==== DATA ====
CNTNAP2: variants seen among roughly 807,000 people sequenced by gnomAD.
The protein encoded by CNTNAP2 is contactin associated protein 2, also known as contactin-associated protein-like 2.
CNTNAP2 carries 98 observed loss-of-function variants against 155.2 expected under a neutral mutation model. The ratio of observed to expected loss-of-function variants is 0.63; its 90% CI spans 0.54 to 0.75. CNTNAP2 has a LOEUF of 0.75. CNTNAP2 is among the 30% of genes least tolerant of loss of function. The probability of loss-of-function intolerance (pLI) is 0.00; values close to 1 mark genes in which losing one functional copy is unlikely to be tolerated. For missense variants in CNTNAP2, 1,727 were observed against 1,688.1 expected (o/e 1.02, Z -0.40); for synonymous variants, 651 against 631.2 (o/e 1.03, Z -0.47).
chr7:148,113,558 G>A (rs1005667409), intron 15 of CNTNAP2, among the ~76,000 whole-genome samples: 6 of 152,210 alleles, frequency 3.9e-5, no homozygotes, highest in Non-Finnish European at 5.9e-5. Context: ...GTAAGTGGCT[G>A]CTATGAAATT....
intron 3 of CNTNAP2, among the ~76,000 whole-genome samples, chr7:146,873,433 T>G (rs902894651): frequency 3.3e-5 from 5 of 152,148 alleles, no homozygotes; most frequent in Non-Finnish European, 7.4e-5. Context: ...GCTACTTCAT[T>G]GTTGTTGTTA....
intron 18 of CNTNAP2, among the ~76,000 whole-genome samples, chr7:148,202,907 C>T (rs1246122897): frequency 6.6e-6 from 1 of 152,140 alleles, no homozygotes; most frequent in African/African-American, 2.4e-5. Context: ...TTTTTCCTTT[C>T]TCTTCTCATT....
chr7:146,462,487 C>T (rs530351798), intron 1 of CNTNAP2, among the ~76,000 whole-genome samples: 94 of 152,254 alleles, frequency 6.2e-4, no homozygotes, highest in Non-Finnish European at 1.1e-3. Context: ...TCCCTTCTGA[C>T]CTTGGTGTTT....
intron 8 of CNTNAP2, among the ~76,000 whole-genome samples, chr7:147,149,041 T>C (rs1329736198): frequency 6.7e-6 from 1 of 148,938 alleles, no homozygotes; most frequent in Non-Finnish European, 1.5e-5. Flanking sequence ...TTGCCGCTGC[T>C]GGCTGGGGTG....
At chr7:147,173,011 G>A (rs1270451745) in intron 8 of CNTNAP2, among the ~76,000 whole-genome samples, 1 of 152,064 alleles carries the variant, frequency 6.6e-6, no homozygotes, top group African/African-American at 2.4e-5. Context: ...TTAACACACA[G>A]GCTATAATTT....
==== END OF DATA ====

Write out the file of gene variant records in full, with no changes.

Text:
CNTNAP2: variants seen among roughly 807,000 people sequenced by gnomAD.
The protein encoded by CNTNAP2 is contactin associated protein 2, also known as contactin-associated protein-like 2.
CNTNAP2 carries 98 observed loss-of-function variants against 155.2 expected under a neutral mutation model. The ratio of observed to expected loss-of-function variants is 0.63; its 90% CI spans 0.54 to 0.75. CNTNAP2 has a LOEUF of 0.75. CNTNAP2 is among the 30% of genes least tolerant of loss of function. The probability of loss-of-function intolerance (pLI) is 0.00; values close to 1 mark genes in which losing one functional copy is unlikely to be tolerated. For missense variants in CNTNAP2, 1,727 were observed against 1,688.1 expected (o/e 1.02, Z -0.40); for synonymous variants, 651 against 631.2 (o/e 1.03, Z -0.47).
chr7:148,113,558 G>A (rs1005667409), intron 15 of CNTNAP2, among the ~76,000 whole-genome samples: 6 of 152,210 alleles, frequency 3.9e-5, no homozygotes, highest in Non-Finnish European at 5.9e-5. Context: ...GTAAGTGGCT[G>A]CTATGAAATT....
intron 3 of CNTNAP2, among the ~76,000 whole-genome samples, chr7:146,873,433 T>G (rs902894651): frequency 3.3e-5 from 5 of 152,148 alleles, no homozygotes; most frequent in Non-Finnish European, 7.4e-5. Context: ...GCTACTTCAT[T>G]GTTGTTGTTA....
intron 18 of CNTNAP2, among the ~76,000 whole-genome samples, chr7:148,202,907 C>T (rs1246122897): frequency 6.6e-6 from 1 of 152,140 alleles, no homozygotes; most frequent in African/African-American, 2.4e-5. Context: ...TTTTTCCTTT[C>T]TCTTCTCATT....
chr7:146,462,487 C>T (rs530351798), intron 1 of CNTNAP2, among the ~76,000 whole-genome samples: 94 of 152,254 alleles, frequency 6.2e-4, no homozygotes, highest in Non-Finnish European at 1.1e-3. Context: ...TCCCTTCTGA[C>T]CTTGGTGTTT....
intron 8 of CNTNAP2, among the ~76,000 whole-genome samples, chr7:147,149,041 T>C (rs1329736198): frequency 6.7e-6 from 1 of 148,938 alleles, no homozygotes; most frequent in Non-Finnish European, 1.5e-5. Flanking sequence ...TTGCCGCTGC[T>C]GGCTGGGGTG....
At chr7:147,173,011 G>A (rs1270451745) in intron 8 of CNTNAP2, among the ~76,000 whole-genome samples, 1 of 152,064 alleles carries the variant, frequency 6.6e-6, no homozygotes, top group African/African-American at 2.4e-5. Context: ...TTAACACACA[G>A]GCTATAATTT....